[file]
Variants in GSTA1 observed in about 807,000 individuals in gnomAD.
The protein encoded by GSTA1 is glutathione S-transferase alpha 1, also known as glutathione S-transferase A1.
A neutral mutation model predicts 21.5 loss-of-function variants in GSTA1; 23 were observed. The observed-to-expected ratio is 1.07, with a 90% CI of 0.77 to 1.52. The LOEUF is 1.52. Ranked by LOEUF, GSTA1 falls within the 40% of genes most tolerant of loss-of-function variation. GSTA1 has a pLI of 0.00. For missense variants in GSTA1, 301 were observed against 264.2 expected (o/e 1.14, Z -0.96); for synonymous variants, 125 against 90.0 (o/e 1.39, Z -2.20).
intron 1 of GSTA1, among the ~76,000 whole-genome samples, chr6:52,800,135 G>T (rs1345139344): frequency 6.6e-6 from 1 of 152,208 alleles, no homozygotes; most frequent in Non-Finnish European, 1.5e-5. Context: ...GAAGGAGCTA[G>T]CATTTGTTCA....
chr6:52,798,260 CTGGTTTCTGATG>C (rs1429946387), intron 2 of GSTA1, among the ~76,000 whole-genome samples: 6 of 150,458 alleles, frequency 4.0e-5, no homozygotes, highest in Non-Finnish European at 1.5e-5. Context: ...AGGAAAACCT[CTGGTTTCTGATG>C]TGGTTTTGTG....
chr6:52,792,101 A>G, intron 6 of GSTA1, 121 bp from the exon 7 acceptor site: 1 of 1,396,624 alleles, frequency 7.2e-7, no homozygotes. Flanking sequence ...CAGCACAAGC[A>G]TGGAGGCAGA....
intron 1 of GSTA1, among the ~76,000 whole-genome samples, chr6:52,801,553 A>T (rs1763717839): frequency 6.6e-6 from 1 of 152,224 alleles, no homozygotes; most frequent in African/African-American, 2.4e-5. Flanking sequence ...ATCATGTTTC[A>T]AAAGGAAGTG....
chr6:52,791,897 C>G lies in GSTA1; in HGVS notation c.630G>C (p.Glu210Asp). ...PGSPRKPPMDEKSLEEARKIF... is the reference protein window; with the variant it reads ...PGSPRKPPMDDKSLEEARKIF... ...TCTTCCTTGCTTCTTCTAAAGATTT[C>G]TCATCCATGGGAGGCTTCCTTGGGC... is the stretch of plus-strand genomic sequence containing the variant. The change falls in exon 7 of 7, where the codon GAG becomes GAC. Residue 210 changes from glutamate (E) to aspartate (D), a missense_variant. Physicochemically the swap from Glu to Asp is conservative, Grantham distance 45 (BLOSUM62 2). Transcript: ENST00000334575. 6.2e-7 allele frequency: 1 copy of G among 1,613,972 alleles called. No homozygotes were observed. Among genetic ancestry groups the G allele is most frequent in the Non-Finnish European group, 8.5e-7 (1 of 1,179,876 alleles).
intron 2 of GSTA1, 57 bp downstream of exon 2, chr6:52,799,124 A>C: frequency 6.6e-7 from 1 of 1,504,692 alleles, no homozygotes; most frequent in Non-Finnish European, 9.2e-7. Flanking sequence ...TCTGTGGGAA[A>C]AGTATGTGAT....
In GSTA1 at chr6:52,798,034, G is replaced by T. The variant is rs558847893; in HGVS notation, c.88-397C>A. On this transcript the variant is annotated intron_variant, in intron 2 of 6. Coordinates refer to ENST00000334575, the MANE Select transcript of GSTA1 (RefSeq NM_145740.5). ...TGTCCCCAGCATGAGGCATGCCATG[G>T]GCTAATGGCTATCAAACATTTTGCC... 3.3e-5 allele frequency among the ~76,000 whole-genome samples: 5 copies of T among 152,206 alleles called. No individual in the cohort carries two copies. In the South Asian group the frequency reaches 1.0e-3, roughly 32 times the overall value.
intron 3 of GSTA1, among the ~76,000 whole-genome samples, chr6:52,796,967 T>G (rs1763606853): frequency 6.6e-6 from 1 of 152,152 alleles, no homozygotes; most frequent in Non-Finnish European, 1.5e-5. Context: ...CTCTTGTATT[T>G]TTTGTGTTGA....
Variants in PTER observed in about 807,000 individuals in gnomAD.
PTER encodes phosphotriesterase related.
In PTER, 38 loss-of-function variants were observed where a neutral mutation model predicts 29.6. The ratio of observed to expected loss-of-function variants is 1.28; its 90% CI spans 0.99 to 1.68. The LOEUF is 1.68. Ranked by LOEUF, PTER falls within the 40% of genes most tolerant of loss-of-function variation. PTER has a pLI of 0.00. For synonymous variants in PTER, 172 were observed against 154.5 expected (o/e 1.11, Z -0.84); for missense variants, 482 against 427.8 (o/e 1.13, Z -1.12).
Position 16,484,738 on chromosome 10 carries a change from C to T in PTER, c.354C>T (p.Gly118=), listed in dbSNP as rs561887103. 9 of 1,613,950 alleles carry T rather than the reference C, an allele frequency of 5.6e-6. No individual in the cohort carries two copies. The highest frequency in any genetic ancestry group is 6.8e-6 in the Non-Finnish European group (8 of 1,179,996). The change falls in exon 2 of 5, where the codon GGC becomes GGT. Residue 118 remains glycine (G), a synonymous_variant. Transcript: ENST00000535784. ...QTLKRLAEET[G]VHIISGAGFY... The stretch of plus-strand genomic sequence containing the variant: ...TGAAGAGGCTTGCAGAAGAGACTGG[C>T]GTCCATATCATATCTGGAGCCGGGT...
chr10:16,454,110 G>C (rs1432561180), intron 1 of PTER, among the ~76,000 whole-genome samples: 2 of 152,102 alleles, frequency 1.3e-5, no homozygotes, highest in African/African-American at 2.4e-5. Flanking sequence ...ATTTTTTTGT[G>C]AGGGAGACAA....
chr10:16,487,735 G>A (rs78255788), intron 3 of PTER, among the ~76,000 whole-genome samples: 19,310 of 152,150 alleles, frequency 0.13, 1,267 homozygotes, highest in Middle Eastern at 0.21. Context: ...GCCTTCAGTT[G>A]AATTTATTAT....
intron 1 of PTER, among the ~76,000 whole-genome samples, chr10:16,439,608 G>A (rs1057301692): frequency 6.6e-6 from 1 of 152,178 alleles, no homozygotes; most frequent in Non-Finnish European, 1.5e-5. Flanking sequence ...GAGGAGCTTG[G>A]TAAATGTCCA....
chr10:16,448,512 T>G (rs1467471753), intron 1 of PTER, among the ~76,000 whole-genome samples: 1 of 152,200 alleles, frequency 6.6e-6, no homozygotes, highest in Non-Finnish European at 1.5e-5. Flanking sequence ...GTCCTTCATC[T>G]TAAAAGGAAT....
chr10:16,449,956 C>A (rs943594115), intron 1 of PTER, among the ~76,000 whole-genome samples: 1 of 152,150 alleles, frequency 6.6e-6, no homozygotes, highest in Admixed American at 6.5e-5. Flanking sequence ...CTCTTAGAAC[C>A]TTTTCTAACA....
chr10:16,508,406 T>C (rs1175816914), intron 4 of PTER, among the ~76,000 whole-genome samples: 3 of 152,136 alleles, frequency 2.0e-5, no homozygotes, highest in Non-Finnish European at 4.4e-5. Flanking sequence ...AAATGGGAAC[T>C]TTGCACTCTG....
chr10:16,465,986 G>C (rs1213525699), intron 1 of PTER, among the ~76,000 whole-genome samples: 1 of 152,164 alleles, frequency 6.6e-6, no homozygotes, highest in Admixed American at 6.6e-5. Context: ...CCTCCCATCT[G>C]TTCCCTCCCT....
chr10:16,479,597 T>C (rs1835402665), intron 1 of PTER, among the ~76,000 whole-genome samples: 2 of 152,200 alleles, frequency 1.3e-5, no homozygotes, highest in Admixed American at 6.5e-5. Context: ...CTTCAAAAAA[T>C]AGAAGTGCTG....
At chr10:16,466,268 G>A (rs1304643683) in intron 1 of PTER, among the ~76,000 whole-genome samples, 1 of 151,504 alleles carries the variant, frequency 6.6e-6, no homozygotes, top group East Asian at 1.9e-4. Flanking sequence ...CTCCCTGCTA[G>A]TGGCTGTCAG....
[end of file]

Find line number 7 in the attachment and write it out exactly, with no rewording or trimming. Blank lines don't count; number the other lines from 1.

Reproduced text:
intron 1 of GSTA1, among the ~76,000 whole-genome samples, chr6:52,801,553 A>T (rs1763717839): frequency 6.6e-6 from 1 of 152,224 alleles, no homozygotes; most frequent in African/African-American, 2.4e-5. Flanking sequence ...ATCATGTTTC[A>T]AAAGGAAGTG....